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Drew Stubbs and the mid-career crisis

With his demotion to triple-A, the struggles of Drew Stubbs have put his career at a crossroad.

Mark J. Rebilas-USA TODAY Sports

Drew Stubbs got sent down to Colorado Springs yesterday in a relatively surprising move. Stubbs is making almost $6 million this year, and has been a major league mainstay since debuting in 2009. He is not a bad outfielder. Wait, let's rephrase that. Drew Stubbs has not been a bad outfielder. In 2015, however, he's been awful. Like, historically awful

Last year, Stubbs hit .289/.339/.482 for the Rockies in what was his most productive season. A function of seeing his overall playing time decrease and seeing a higher percentage of lefties helped Stubbs to finally fulfill some of the promise he showed as a young outfielder with the Reds. That said, Stubbs hasalways inspired concern. Going into 2015, Stubbs's career strikeout rate stood at a pretty incredible 29.7 percent, but his walk rate (8.6 percent) was just barely above the MLB average. Stubbs simply did not make enough contact to be a productive hitter unless he was hitting .404 on balls in play, as he did last year. While his defense in center field could make up for some of that offensive shortfall in most years, there's really no level of defense that will make up for hitting .118/.182/.255 and striking out 31 times in 56 plate appearances.

For a minute, let's talk about that strikeout rate. It's impossible, for one thing. Stubbs is striking out in 55 percent of his plate appearances. Using Baseball Reference's Play Index, I created a list of the players with the most strikeouts per plate appearance ratios for batters with more than 50 PAs in a season. Guess who leads it:

Player

AB/SO

PA/SO

PA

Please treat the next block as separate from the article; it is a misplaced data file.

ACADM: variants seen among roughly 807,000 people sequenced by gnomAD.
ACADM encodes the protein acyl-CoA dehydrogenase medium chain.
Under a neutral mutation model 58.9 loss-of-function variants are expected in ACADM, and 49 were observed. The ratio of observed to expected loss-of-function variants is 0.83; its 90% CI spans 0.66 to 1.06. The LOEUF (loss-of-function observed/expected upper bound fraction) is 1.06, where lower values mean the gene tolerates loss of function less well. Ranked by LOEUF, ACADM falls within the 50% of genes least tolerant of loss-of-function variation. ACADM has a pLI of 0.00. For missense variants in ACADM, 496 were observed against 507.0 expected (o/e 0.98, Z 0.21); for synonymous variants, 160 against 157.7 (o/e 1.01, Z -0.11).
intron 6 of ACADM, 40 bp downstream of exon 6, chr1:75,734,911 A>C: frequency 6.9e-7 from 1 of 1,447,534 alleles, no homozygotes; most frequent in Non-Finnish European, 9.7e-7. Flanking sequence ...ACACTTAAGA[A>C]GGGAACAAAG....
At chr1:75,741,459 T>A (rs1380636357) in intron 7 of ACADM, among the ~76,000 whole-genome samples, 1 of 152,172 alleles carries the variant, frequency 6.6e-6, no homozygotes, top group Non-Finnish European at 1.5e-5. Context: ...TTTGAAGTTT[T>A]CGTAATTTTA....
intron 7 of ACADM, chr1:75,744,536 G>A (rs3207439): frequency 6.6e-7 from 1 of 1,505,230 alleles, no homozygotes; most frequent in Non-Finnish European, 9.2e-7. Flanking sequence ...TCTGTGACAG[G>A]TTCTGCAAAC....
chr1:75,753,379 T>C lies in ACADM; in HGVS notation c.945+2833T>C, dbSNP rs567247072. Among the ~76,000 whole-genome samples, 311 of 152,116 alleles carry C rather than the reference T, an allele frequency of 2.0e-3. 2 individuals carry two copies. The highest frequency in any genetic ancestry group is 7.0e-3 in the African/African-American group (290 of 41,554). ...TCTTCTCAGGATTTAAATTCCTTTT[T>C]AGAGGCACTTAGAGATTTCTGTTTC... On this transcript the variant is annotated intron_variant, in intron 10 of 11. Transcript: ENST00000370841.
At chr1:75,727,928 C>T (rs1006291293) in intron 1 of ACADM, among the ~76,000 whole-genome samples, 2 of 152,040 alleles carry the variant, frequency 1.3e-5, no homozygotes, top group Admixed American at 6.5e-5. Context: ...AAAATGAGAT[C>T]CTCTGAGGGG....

Year

Age

AB

SO

BA

OBP

SLG

OPS

Drew Stubbs

1.65

1.81

56

2015

30

51

31

0.118

0.182

0.255

0.437

Carlos Peguero

2.00

2.04

57

2012

25

56

28

0.179

0.193

0.357

0.550

Dave Duncan

2.02

2.12

106

1967

21

101

50

0.188

0.219

0.376

0.595

Rob Deer

1.67

2.13

64

1996

35

50

30

0.180

0.359

0.480

0.839

Mark Bellhorn

2.00

2.22

82

2001

26

74

37

0.135

0.210

0.243

0.453

Henry Mercedes

1.88

2.24

56

1997

27

47

25

0.213

0.302

0.298

0.600

Brandon Hicks

2.06

2.26

70

2012

26

64

31

0.172

0.243

0.391

0.633

Rick Ankiel

2.13

2.27

136

2013

33

128

60

0.188

0.235

0.422

0.657

J.R. Phillips

2.04

2.27

116

1996

26

104

51

0.163

0.250

0.413

0.663

Jayson Werth

2.18

2.32

51

2003

24

48

22

0.208

0.255

0.417

0.672

That's pretty amazing. If Stubbs doesn't make it back to the majors this year, he will finish with the worst PA/SO ratio of all time. The list is actually a pretty interesting one, with some familiar names. Werth, Duncan and Bellhorn would both go on to have productive careers, and I suppose the jury is still out on Carlos Peguero. These awful campaigns came on the front end of those careers, however, when they could still be forgiven for not figuring out MLB pitching just yet. On the other hand, there's Deer, Mercedes and Ankiel, all in their final seasons, clearly with nothing left in the tanks. There's also Hicks, who "hit" .162/.280/.319 with 77 strikeouts in 242 plate appearances for the Giants last year and has played five games at triple-A Sacramento in 2015. J.R. Phillips parlayed his mediocre slugging percentage into 121 more big league plate appearances, in which he hit .196/.248/.366 and struck out 42 times.

The point is that major league caliber hitters simply do not perform like Drew Stubbs, and unless he is hiding an injury, his career is in real jeopardy. I mean, at almost 31 years old, it's not like he's on the upswing.

The Rockies, meanwhile, should probably be a little embarrassed to have placed so much faith (and $6 million) into a 30 year old outfielder with an 89 career OPS+. For now Brandon Barnes and Rafael Ynoa will serve as the club's de facto fourth and fifth outfield options, but neither provides anything in the way of upside. Somehow, both are more palatable options. Stubbs has, indeed, fallen incredibly far since he was one of the most exciting young players in baseball in 2010.